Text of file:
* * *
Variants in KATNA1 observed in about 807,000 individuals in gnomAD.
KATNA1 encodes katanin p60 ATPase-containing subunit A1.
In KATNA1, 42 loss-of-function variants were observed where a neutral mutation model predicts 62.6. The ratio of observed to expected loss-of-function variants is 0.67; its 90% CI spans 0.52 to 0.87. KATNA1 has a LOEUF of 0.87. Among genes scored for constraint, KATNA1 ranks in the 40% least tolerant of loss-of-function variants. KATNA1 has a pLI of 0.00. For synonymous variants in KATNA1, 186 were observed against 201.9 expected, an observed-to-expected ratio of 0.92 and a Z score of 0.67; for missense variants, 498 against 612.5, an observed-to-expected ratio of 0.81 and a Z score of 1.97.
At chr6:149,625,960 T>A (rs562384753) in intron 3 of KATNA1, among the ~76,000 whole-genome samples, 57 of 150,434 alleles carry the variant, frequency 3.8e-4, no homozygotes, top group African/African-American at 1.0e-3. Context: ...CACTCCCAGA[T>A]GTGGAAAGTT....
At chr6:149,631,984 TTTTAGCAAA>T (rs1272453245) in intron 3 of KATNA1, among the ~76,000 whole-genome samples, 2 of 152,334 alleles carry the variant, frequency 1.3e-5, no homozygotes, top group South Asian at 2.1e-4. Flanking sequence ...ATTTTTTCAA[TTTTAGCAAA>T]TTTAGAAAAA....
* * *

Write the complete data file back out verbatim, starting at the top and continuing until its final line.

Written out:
Variants in KATNA1 observed in about 807,000 individuals in gnomAD.
KATNA1 encodes katanin p60 ATPase-containing subunit A1.
In KATNA1, 42 loss-of-function variants were observed where a neutral mutation model predicts 62.6. The ratio of observed to expected loss-of-function variants is 0.67; its 90% CI spans 0.52 to 0.87. KATNA1 has a LOEUF of 0.87. Among genes scored for constraint, KATNA1 ranks in the 40% least tolerant of loss-of-function variants. KATNA1 has a pLI of 0.00. For synonymous variants in KATNA1, 186 were observed against 201.9 expected, an observed-to-expected ratio of 0.92 and a Z score of 0.67; for missense variants, 498 against 612.5, an observed-to-expected ratio of 0.81 and a Z score of 1.97.
At chr6:149,625,960 T>A (rs562384753) in intron 3 of KATNA1, among the ~76,000 whole-genome samples, 57 of 150,434 alleles carry the variant, frequency 3.8e-4, no homozygotes, top group African/African-American at 1.0e-3. Context: ...CACTCCCAGA[T>A]GTGGAAAGTT....
At chr6:149,631,984 TTTTAGCAAA>T (rs1272453245) in intron 3 of KATNA1, among the ~76,000 whole-genome samples, 2 of 152,334 alleles carry the variant, frequency 1.3e-5, no homozygotes, top group South Asian at 2.1e-4. Flanking sequence ...ATTTTTTCAA[TTTTAGCAAA>T]TTTAGAAAAA....